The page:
Eye to Eye With Shark, Surfer Lives to Tell
Featured September 20, 2006
Bingham told us he got the idea for this story after reading something a shark-bite victim said—”a throw-away line in the story written around the news event.” He went deeper into the story—and wrote a narrative that portrays someone not easily deterred.
Seth Mead had just nabbed a "premium" wave, one powerful enough to wash him all the way to sand and pebbles and driftwood, and he was thinking he probably couldn't catch another that awesome.
It was just after sunrise, and Mead had been surfing with a friend since 6:50, "dawn patrolling it," as surfers say. His friend had gone to work, and now Mead thought about leaving, too.
But it was a hard clear September morning, and the waves kept rolling in.
Within minutes he found himself back in the surf, just 50 feet off the south jetty where the Rogue River flows into the Pacific Ocean. He sat on his surfboard, legs dangling into deep black water, and spied a set of three incoming waves that were especially clean. He was ready.
But the next thing he knew—by some violent force from below—he was jetted three feet out of the water. Mead saw and heard it at the same time: a loud scraping sound as a great white shark punched the fiberglass and opened its jaws. Pap! Pap! The shark's upper teeth punctured the board while the lower teeth sank into Mead's right leg.
Mead sprang forward, clutching his surfboard. He faced the shark, looked into its flat black eye. The shark's head, Mead would recall later, was bigger than he'd be able to get his arms around.
Mead and the shark crashed back down within seconds, and the jaws released. Mead landed hard on his board. And the shark vanished.
Yet he knew from the "boil"—the dark bubbles roiling the water behind him—that he was not alone.
His first thought: Get to land.
The shark had turned Mead around 180 degrees to face the shore. The waves he'd spied were upon him. Mead paddled madly to catch the first one and almost made it. He rose up with the crest but the wave rolled on without him.
He looked over his shoulder as the second wave began to crash on his back. The suction pulled him sideways, parallel to land.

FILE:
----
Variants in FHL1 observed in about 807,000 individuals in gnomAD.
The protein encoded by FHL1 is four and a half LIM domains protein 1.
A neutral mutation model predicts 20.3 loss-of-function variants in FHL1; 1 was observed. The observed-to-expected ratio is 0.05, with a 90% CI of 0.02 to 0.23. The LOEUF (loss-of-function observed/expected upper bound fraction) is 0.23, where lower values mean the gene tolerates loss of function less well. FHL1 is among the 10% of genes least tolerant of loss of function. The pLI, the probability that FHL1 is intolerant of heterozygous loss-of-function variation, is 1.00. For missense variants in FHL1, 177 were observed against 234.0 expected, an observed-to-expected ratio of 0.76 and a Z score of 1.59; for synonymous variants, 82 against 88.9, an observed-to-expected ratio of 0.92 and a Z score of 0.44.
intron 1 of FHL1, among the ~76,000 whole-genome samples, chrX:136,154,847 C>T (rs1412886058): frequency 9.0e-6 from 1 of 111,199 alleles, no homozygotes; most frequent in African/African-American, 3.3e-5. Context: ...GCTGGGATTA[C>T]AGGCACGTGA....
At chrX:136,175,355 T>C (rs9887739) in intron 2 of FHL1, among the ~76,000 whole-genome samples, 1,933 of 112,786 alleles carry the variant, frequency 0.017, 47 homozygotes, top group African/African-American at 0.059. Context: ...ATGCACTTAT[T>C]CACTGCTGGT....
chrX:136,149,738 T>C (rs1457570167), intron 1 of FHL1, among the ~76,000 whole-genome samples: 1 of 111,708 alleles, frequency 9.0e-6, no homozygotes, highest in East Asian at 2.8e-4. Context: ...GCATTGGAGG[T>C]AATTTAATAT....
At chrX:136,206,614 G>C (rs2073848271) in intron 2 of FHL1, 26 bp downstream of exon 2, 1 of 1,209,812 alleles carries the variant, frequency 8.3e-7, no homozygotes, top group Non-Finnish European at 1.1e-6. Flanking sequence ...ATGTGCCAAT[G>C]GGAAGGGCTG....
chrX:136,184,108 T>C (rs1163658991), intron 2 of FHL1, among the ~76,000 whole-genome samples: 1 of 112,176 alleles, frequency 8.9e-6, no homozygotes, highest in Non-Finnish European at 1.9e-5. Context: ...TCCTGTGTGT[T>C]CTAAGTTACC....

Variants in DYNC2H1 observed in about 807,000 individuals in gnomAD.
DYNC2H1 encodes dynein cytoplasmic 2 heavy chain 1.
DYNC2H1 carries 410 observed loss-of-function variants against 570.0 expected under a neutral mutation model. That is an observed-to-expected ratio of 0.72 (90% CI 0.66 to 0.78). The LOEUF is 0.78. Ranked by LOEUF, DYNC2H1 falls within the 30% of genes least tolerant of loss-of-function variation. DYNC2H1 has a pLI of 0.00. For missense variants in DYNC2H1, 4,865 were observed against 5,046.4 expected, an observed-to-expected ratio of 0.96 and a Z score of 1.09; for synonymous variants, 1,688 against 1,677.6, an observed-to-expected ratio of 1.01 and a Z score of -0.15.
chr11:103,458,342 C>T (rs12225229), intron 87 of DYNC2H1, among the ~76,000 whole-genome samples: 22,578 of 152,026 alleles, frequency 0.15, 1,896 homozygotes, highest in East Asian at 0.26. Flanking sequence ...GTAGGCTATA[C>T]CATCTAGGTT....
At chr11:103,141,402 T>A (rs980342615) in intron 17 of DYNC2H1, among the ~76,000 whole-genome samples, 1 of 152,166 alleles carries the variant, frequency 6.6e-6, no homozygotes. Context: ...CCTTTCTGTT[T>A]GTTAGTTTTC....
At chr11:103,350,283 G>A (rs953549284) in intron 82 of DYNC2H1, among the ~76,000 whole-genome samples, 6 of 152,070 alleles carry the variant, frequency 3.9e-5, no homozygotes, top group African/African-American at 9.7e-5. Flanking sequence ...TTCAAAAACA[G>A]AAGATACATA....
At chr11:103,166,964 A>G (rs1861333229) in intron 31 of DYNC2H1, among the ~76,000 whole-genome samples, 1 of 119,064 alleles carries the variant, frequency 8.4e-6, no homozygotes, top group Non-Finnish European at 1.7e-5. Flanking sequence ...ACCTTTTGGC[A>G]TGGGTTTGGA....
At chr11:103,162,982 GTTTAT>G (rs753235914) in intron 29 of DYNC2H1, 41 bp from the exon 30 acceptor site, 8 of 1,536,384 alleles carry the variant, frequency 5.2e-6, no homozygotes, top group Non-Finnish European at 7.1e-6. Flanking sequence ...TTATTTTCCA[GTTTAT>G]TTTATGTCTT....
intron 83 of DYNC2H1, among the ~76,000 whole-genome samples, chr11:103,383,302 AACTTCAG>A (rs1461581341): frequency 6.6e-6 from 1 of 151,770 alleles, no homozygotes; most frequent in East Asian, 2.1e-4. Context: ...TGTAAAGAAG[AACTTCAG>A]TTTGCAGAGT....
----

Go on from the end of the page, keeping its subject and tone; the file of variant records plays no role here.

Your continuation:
"No," he thought. "No. This can't be happening."
And Seth Mead, a surfer since high school, knew one terrible thing. He had to catch that wave in.
* * *
If anyone stood a chance at catching the second wave in, it was Seth Mead. After all, he has experience:
At shark encounters.
Twenty-six years old and a graduate this year from Oregon State University with a fisheries and wildlife degree but no full-time job yet, Mead had nowhere he had to be Monday morning.
He moved to Gold Beach, a few hours down U.S. 101 from his hometown of Florence, only weeks ago and has been house-sitting for a friend. While job hunting, he's gone surfing when conditions were good, though that hasn't been often lately. The foul weather early this month made Monday's blue-sky surf hard to resist.
Mead started riding waves his sophomore year of high school and became addicted to the sensation, the thrill, "the energy," within a few years. The energy, says Mead—a guy who likes to fish for salmon, hunt for elk with his dad, and scour the forests for mushrooms when he isn't surfing—comes from being surrounded by living things.
So the harbor seals playing in the surf—known prey for sharks—didn't bother him as he paddled back out to sea. Mead has surfed alongside inquisitive seals, aggressive California sea lions, birds of every sort. As someone who watches "National Geographic" and "The Discovery Channel," and someone who studied the ocean in college, Mead knows the creatures on the surface are only a fraction of those lurking below.
There have been times in the past, when he has gone surfing alone, that Mead has felt "a presence" in the water. He's had the eerie sensation, sitting far from shore, a solitary man on a 6-foot-6-inch fiberglass board, that he wasn't alone.
The day he was bitten was not one of those days, however.
The first time he encountered a shark was Nov. 10, 2001, in Florence, south of the jetty where the Siuslaw River pours into the sea. He was surfing with Tres Tucker, the buddy who introduced him to the sport.
"We had paddled out to the peak, and I sat up on my board," Tucker told shark researcher Ralph Collier, author of "Shark Attacks of the 20th Century: From the Pacific Coast of North America." "As I sat upright, my left foot planted solidly on something 1-2 feet below me. It was solid but slowly sank under my weight, as if it were a submerged log."
Tucker lifted his leg, looked down in the water and saw a tail whoosh by. Then he felt water rush around his legs and knew it was a shark—and a big one.
Seconds later, a dark object, an object "as large as a car, an American car," Tucker told Collier, loomed to his left. Tucker began to paddle to shore then remembered Mead. "I motioned to him saying, quietly, 'Hey, man . . .,' but mid-sentence, the look on his face made me turn around to see a very large fin passing behind my feet."